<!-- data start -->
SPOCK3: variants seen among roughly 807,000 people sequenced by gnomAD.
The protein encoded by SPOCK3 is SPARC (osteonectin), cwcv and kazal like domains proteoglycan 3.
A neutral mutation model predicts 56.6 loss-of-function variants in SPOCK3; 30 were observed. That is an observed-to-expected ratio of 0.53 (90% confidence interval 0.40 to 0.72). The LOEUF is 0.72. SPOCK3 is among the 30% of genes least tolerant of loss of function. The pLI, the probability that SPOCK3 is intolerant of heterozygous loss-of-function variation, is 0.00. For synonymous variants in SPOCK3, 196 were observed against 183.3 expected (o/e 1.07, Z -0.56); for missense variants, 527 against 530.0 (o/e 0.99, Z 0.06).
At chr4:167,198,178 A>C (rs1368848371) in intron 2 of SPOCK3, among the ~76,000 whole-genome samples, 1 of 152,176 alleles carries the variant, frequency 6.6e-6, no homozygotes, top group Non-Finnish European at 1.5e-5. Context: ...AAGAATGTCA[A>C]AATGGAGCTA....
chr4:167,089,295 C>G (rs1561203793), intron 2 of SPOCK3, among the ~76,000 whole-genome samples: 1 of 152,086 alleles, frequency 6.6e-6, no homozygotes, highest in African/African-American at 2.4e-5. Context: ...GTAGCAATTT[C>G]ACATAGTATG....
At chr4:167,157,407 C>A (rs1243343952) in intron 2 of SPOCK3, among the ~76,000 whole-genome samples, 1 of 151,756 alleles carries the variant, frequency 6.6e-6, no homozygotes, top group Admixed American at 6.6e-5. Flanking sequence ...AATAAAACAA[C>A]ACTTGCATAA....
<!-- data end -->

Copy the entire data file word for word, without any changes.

SPOCK3: variants seen among roughly 807,000 people sequenced by gnomAD.
The protein encoded by SPOCK3 is SPARC (osteonectin), cwcv and kazal like domains proteoglycan 3.
A neutral mutation model predicts 56.6 loss-of-function variants in SPOCK3; 30 were observed. That is an observed-to-expected ratio of 0.53 (90% confidence interval 0.40 to 0.72). The LOEUF is 0.72. SPOCK3 is among the 30% of genes least tolerant of loss of function. The pLI, the probability that SPOCK3 is intolerant of heterozygous loss-of-function variation, is 0.00. For synonymous variants in SPOCK3, 196 were observed against 183.3 expected (o/e 1.07, Z -0.56); for missense variants, 527 against 530.0 (o/e 0.99, Z 0.06).
At chr4:167,198,178 A>C (rs1368848371) in intron 2 of SPOCK3, among the ~76,000 whole-genome samples, 1 of 152,176 alleles carries the variant, frequency 6.6e-6, no homozygotes, top group Non-Finnish European at 1.5e-5. Context: ...AAGAATGTCA[A>C]AATGGAGCTA....
chr4:167,089,295 C>G (rs1561203793), intron 2 of SPOCK3, among the ~76,000 whole-genome samples: 1 of 152,086 alleles, frequency 6.6e-6, no homozygotes, highest in African/African-American at 2.4e-5. Context: ...GTAGCAATTT[C>G]ACATAGTATG....
At chr4:167,157,407 C>A (rs1243343952) in intron 2 of SPOCK3, among the ~76,000 whole-genome samples, 1 of 151,756 alleles carries the variant, frequency 6.6e-6, no homozygotes, top group Admixed American at 6.6e-5. Flanking sequence ...AATAAAACAA[C>A]ACTTGCATAA....